Blackwell Publishing

Quantitative genetics - Are relatives always alike?


The similarity between relatives due to their shared genes is evolutionarily more important.

It is possible to deduce the correlation due to shared genes among any two classes of relatives from the variance terms we have already defined.

We shall consider only one case, the correlation between parents and offspring, to see how it is done. We can keep things simple by assuming that there are no environmental effects.

The genetic value of the character in the parent is, we have seen, made up of several components of which only the additive component is inherited by the offspring. When mating is random, half that additive component of the individual parent is diluted (when an individual reproduces, only half its genes are inherited by its offspring).

At a locus, a parent has an additive deviation from the population mean in both its genes. When an offspring is formed, one of the parental genes goes into the offspring together with another gene drawn at random from the population (because we are assuming random mating). The average value of the character in the offspring is, as we saw above, half the additive value of the parent (1/2 A ); the average genetic value in the parent is A + D . The correlation between parent (P ) and offspring (O ) is the covariance between the two:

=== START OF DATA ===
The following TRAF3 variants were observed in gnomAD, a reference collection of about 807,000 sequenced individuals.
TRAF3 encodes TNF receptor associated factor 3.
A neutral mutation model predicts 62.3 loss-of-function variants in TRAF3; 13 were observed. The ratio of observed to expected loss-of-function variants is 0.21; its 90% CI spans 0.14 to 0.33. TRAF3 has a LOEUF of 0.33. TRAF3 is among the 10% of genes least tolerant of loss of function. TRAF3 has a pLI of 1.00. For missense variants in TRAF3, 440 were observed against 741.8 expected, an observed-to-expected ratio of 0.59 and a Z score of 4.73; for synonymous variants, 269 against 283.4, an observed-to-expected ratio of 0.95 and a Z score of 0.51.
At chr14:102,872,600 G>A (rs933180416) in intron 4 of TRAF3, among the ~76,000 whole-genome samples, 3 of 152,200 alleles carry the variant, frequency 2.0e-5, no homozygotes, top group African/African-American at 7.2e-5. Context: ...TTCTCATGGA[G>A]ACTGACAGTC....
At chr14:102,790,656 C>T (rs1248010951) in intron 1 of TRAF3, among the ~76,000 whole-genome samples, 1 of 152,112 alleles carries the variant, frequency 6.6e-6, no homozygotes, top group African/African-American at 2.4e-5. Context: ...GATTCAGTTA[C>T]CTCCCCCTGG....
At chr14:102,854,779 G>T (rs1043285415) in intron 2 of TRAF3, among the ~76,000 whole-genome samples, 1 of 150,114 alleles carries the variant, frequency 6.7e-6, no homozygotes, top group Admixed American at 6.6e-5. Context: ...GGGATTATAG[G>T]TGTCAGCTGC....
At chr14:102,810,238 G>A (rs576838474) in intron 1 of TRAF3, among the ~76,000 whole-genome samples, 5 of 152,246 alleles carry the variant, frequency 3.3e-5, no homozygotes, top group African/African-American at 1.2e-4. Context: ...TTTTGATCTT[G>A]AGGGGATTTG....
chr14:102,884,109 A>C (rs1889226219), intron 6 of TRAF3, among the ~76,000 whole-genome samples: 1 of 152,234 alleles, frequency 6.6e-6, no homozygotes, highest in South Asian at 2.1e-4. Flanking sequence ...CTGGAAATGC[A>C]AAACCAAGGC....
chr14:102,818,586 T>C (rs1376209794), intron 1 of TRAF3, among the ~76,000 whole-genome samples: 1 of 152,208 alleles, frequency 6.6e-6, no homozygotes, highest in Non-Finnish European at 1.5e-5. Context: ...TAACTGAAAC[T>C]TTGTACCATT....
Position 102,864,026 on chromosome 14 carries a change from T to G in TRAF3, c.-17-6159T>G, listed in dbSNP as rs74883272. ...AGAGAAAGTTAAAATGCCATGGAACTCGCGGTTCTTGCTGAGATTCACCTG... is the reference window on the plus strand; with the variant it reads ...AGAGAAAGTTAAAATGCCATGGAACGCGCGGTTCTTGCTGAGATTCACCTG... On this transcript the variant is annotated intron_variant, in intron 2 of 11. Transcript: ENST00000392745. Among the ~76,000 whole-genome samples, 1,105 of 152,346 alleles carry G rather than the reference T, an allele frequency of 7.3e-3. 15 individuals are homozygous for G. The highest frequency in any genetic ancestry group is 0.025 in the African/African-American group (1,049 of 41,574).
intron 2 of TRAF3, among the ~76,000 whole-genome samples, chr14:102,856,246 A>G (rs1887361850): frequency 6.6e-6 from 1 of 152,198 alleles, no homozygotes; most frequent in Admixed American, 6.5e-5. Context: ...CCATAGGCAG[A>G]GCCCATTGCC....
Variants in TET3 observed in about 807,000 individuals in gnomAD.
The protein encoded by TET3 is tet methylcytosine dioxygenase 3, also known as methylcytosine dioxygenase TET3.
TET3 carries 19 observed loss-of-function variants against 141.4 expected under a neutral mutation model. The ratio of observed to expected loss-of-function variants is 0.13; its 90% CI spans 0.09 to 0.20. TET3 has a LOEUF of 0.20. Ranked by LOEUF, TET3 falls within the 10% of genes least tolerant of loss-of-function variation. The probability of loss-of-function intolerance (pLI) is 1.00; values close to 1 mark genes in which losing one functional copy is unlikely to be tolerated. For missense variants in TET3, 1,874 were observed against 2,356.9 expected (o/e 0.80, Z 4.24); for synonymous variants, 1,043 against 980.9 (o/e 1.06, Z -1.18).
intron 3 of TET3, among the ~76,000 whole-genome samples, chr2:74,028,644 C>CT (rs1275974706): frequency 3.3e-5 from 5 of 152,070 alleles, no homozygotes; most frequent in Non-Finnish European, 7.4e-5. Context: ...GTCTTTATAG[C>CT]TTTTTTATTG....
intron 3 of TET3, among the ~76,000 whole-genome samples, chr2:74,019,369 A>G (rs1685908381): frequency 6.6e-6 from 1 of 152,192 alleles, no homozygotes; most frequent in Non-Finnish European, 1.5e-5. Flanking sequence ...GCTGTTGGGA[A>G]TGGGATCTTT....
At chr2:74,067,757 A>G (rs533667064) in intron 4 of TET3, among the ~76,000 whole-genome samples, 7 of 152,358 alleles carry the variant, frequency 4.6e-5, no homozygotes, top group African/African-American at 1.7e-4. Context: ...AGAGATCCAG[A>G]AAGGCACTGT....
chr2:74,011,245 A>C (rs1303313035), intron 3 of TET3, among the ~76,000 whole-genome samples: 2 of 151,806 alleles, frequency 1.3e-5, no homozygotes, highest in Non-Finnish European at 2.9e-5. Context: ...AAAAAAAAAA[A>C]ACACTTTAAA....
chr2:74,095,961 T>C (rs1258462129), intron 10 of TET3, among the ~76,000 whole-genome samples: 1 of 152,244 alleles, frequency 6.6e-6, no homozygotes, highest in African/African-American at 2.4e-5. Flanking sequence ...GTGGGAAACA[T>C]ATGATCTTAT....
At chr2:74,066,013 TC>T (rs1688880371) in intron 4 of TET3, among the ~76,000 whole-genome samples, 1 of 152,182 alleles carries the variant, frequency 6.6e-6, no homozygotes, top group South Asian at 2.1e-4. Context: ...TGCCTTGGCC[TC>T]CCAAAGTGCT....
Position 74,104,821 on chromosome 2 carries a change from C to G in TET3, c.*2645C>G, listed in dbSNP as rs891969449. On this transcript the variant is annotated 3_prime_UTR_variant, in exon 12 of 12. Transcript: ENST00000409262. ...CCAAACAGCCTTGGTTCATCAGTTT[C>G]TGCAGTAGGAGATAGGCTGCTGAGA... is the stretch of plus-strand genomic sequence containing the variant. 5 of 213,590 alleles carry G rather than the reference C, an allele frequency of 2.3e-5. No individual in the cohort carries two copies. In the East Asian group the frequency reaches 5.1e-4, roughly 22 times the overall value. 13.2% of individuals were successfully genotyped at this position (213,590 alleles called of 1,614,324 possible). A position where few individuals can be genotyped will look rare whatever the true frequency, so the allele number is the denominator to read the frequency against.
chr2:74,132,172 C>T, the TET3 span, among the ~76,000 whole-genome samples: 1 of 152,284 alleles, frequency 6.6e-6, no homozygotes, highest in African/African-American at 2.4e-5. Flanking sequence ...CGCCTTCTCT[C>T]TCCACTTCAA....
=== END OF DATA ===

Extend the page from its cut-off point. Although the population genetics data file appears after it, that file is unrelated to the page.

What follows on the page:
cov(O,P) = 1/2 ∑ A2 = 1/2 V(A)

In words, the covariance of an offspring and one of its parents is equal to half the additive genetic variance of the character in the population.

The formulae are useful for estimating the additive variances of real characters. However, the estimates become most interesting, for the evolutionary biologist, when expressed in terms of the statistic called heritability.

Table: the covariance between several different classes of relatives.

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